Human papillomavirus (HPV) infections are known to play an important role in the pathogenesis of cervical neoplasia. Considering the morbidity and mortality of cervical cancer, infection with HPV can be regarded as a worldwide problem, especially in developing countries. Currently, many studies focus on the development of both prophylactic and therapeutic HPV vaccines. Crucial for these vaccination protocols to be successful is that they will result in a long-lasting ability to generate an immune response that will eliminate the virus. HPV transmission and subsequent infection is a local event in the lower female genital tract and therefore the efficacy of vaccines against this locally transmitted infection can be best assessed by parameters of local immunity. In this review we describe both the epidemiology of HPV-related cervical neoplasia and the general aspects of mucosal immunity in the female genital tract while focusing on the local humoral immunity in HPV-related cervical neoplasia.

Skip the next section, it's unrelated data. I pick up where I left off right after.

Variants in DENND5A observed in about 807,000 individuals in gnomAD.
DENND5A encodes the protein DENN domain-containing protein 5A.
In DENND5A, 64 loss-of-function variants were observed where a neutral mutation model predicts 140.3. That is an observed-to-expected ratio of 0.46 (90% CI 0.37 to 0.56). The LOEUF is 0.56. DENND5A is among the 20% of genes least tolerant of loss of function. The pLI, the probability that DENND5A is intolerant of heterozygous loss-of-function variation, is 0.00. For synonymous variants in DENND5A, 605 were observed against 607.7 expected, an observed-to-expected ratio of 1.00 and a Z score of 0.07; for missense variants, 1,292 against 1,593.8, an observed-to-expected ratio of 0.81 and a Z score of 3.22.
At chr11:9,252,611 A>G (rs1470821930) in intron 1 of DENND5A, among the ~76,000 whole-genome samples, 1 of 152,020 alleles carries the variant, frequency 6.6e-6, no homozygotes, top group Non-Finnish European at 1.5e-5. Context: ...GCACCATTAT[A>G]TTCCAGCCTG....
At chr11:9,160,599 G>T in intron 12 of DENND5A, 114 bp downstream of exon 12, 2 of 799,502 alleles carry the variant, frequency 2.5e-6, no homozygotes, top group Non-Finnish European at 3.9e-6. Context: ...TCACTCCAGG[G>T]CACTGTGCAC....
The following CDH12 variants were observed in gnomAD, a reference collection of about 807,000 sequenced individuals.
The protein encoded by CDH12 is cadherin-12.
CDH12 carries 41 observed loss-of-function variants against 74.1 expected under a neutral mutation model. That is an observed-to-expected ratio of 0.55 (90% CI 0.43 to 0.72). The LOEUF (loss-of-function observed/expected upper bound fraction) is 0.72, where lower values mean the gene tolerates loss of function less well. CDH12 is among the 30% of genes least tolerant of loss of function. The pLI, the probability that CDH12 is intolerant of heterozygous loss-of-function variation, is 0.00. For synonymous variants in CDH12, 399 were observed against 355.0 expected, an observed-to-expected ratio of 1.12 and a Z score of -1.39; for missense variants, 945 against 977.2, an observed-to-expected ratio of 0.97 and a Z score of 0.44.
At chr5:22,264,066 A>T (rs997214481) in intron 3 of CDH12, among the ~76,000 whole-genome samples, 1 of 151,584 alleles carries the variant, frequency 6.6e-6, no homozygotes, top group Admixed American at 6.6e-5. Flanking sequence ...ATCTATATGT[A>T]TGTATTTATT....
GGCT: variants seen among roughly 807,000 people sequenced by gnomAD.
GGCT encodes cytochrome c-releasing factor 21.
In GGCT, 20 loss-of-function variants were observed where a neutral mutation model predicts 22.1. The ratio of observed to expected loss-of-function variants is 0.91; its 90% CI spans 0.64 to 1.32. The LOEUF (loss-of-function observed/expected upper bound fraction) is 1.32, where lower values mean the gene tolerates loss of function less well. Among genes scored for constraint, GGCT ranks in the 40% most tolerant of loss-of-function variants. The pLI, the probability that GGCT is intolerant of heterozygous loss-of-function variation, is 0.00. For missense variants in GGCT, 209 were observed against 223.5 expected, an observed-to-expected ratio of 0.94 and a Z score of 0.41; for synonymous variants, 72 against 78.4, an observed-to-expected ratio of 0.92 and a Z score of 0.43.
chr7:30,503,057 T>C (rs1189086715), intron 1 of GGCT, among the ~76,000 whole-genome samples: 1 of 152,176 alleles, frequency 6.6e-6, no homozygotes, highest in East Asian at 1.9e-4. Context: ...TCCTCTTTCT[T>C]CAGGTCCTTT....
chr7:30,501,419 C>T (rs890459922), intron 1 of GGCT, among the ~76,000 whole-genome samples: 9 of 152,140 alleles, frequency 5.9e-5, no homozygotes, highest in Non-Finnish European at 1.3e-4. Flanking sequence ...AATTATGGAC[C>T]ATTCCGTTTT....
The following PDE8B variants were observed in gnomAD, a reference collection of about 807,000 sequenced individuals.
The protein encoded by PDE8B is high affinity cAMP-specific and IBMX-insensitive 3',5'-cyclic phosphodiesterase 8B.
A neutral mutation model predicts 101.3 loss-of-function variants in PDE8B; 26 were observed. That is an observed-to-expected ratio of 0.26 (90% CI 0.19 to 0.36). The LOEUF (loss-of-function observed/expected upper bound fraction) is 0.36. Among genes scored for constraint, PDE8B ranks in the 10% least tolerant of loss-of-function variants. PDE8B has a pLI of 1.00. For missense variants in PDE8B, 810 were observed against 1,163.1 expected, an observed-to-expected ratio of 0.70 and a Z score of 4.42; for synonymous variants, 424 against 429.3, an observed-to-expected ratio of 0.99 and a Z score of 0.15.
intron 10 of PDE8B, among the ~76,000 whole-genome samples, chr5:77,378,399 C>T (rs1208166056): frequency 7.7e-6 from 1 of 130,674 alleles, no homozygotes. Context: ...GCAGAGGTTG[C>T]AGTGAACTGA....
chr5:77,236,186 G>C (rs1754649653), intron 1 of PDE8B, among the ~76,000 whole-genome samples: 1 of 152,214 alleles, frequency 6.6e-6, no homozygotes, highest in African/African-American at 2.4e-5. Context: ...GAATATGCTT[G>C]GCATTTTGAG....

- cervical neoplasia
- mucosal immunology
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